As an interim marketing executive I consider myself a part of the revenue-generation team of my clients. In this role, together with the sales executive, I frequently have conversations with the company CFO about the sales forecast and resource requirements within the marketing and sales departments.
I’ve found that in companies where a sophisticated revenue funnel is in use for planning and performance management, and the CFO is very familiar with the model and its metrics, these conversations about forecast and resources are shorter, smarter, and frankly, less contentious.
On the other hand, in companies where a sophisticated funnel model is not in use and the CFO is not privy to the metrics and assumptions that drive the model . . . well, let’s just say the meetings aren’t much fun.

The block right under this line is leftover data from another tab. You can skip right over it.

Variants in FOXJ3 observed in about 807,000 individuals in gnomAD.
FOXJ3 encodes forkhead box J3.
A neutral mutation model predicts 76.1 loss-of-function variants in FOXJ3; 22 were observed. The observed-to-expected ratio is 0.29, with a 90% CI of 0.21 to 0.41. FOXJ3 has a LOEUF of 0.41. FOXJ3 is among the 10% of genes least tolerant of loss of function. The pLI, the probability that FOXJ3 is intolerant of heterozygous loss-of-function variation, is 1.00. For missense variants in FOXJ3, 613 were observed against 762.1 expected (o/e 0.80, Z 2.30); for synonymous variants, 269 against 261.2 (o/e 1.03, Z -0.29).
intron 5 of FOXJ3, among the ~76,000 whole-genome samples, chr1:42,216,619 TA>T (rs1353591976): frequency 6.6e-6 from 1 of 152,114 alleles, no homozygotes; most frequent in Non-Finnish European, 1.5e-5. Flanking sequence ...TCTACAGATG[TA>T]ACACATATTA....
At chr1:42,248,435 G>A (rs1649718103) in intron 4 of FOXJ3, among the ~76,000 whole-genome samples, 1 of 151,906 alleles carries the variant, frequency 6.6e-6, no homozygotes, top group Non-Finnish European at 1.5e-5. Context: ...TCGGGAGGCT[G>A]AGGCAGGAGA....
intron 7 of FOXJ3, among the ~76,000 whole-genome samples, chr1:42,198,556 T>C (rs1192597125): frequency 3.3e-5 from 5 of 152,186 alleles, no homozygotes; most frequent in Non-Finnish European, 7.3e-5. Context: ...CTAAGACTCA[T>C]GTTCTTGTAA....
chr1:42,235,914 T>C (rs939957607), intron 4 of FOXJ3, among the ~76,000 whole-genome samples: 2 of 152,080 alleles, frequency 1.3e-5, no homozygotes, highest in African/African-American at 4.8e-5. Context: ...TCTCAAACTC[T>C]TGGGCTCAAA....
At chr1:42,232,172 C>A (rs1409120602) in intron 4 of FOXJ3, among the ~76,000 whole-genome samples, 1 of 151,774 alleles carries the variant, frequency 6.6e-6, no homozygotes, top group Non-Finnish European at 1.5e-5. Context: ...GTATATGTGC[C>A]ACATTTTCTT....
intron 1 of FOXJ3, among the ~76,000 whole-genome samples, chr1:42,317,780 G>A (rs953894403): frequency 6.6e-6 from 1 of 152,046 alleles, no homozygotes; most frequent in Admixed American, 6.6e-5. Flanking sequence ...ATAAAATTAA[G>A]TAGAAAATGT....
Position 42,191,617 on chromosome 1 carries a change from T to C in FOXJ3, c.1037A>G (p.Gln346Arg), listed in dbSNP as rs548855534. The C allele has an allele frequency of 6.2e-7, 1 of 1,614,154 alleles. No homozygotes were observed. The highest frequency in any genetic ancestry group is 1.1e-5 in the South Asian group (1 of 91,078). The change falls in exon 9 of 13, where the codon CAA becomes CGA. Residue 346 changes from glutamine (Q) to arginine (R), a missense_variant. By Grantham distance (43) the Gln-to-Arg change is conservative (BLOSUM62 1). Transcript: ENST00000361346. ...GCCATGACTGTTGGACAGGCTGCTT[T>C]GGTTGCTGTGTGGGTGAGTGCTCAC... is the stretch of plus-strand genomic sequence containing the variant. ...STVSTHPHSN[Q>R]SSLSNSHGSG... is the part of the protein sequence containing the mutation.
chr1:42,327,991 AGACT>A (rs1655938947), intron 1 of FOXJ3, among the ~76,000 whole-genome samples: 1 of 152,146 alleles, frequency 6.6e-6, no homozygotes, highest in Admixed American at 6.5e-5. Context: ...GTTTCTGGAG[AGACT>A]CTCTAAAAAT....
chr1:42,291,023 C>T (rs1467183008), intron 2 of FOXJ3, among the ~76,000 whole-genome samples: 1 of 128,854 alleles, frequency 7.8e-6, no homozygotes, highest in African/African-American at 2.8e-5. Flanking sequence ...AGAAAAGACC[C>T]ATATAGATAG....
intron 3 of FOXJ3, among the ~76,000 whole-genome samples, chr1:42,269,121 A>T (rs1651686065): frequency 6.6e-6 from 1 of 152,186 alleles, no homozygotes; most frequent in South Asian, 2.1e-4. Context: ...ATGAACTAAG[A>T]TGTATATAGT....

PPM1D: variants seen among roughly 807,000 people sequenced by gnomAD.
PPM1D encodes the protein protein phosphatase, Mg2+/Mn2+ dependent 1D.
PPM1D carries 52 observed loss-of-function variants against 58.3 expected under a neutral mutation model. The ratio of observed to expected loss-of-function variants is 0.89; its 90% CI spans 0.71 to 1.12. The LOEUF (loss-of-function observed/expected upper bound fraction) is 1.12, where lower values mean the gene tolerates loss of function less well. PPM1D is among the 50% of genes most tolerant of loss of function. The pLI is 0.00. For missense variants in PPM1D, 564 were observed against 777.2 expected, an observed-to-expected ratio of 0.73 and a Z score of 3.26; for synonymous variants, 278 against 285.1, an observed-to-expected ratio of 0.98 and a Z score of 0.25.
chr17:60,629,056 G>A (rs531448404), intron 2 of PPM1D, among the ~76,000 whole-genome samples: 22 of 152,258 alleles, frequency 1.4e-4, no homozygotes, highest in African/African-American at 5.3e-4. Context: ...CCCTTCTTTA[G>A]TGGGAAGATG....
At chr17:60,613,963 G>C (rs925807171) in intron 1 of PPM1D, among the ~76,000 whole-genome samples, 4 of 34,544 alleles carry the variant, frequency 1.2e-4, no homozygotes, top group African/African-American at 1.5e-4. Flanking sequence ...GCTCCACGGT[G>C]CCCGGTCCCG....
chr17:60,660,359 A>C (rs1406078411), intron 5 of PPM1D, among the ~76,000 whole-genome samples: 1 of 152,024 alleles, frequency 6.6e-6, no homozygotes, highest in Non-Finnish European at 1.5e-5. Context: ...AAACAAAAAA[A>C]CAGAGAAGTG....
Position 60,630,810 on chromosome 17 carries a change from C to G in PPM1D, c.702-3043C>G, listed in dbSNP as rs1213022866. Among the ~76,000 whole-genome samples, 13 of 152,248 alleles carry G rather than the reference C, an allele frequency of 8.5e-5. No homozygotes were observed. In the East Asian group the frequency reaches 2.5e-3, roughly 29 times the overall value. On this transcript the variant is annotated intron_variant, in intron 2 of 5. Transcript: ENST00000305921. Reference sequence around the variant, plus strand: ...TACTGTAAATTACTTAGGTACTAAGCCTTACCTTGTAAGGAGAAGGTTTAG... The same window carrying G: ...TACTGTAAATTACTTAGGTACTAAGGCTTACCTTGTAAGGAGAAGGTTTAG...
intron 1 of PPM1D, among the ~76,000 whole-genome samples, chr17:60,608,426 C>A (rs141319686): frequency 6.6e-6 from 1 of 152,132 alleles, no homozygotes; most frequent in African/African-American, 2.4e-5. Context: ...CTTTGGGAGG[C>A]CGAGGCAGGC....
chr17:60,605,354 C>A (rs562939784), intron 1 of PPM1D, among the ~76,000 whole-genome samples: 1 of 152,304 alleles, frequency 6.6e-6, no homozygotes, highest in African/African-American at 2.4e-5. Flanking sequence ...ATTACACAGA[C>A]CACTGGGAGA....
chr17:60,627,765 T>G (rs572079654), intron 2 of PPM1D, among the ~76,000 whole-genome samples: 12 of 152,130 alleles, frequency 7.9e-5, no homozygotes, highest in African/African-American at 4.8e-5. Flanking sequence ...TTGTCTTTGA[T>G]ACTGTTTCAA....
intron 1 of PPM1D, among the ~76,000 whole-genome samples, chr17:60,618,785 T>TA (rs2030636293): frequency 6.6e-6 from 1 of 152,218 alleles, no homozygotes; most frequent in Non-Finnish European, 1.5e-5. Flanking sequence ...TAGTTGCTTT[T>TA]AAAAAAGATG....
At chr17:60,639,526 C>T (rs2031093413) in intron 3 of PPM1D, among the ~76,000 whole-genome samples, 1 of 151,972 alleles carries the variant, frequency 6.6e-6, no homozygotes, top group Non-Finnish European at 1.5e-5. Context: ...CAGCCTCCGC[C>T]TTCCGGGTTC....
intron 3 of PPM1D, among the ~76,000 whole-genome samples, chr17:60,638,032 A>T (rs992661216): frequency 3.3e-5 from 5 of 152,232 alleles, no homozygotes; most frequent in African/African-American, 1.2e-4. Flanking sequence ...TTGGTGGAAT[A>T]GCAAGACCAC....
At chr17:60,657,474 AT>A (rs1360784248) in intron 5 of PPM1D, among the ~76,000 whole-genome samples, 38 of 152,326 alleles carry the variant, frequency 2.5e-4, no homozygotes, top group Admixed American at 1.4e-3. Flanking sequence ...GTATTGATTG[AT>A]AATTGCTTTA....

The revenue funnel isn’t the sole domain of sales or marketing. CFO’s should be as familiar with their company’s funnel structure and metrics as any sales executive or marketing executive. Here’s why.
- Funnel modeling tools provide the best way for marketing, finance, and sales to talk the same language during planning and reporting.
- The variables of the funnel make up the actual metrics of the revenue engine. These variables are the levers and dials over which management has control.
- The funnel, over time, enables the sales forecast to be made with higher and higher degrees of accuracy.
- Requests for more resources from Marketing and Sales can in part be justified or refused based on funnel economics
CFO’s should be trained in the use of sophisticated funnel modeling tools right along side their marketing and sales colleagues.
An excellent source of this training is the FunnelAcademy(tm), which includes comprehensive training on sizing a funnel and measuring progress. It also includes the most robust funnel modeling tool I’ve ever had the pleasure to use.